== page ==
China “is building substantial new islands on five different reefs.” Wingfield-Hayes notes that no one is certain what China plans to do with the new islands. The Philippine government has expressed concerns that one, Johnson South Reef, will be the home to a new South China Sea airbase. However, it’s equally possible that China plans to install civilian populations on the new islands to bolster its sovereignty claims. China, the Philippines, and Vietnam all maintain small civilian outposts in the South China Sea as a way of legitimizing their claims (and deterring military actions by other claimants).
It’s also possible that building the “islands” is an end unto itself. Under the U.N. Convention on the Law of the Sea, submerged features (such as shoals) cannot be claimed by any party. The Philippines’ request for arbitration on the South China Sea disputes is in part based on this fact; Manila requested clarification as to whether or not China (or any other state) can claim submerged or partially-submerged features under UNCLOS.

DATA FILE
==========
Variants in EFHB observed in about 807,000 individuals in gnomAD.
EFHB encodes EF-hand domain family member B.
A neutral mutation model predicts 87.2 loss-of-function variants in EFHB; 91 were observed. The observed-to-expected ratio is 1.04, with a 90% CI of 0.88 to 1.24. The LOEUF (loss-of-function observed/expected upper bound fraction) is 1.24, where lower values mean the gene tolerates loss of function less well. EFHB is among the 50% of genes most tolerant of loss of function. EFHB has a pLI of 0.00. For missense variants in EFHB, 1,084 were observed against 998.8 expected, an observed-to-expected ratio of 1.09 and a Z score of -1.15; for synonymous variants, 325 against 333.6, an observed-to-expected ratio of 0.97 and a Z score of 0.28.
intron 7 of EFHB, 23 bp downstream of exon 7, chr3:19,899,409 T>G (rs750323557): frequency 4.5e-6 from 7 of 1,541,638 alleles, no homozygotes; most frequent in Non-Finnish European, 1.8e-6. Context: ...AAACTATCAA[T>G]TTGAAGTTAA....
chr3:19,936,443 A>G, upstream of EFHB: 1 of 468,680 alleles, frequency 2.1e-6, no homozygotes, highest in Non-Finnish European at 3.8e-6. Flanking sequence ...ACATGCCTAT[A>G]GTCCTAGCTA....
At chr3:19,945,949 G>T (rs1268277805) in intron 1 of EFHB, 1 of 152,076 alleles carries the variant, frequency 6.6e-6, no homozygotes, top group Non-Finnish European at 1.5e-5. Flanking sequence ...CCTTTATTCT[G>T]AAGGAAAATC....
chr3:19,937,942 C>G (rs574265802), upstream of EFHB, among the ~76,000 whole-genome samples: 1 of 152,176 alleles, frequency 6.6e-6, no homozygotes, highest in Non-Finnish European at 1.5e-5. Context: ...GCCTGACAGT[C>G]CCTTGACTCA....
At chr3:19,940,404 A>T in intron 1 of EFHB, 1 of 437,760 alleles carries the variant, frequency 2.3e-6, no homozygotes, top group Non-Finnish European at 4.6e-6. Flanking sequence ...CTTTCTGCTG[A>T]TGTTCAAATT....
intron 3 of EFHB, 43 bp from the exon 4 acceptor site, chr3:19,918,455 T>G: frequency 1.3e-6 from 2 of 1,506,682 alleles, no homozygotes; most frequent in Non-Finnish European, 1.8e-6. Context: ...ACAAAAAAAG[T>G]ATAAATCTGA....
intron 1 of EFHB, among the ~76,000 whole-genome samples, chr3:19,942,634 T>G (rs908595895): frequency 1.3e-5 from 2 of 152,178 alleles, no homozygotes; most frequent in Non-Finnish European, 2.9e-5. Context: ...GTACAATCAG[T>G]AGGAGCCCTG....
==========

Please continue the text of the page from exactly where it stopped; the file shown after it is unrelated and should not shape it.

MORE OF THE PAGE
In addition, Part VII of UNCLOS specifies that “Rocks which cannot sustain human habitation or economic life of their own shall have no exclusive economic zone or continental shelf.” Under this provision, even if China were to gain control over the Spratlys, its control would be limited to the 12 nautical mile territorial waters, without an accompanying exclusive economic zone.
If, however, China can create “islands” on top of previously submerged features and create conditions for these new islands to “sustain human habitation,” then China would have strongly bolstered its claims to the South China Sea. This is exactly what the Philippines objects to. In an interview for the BBC report, Department of Foreign Affairs spokesman Charles Jose called China’s claims in the South China Sea “outrageous,” “excessive,” and “without basis under international law.” He also accused China of trying to change the status quo to strengthen its claims before the arbitration court hands down its ruling on the Philippines’ case.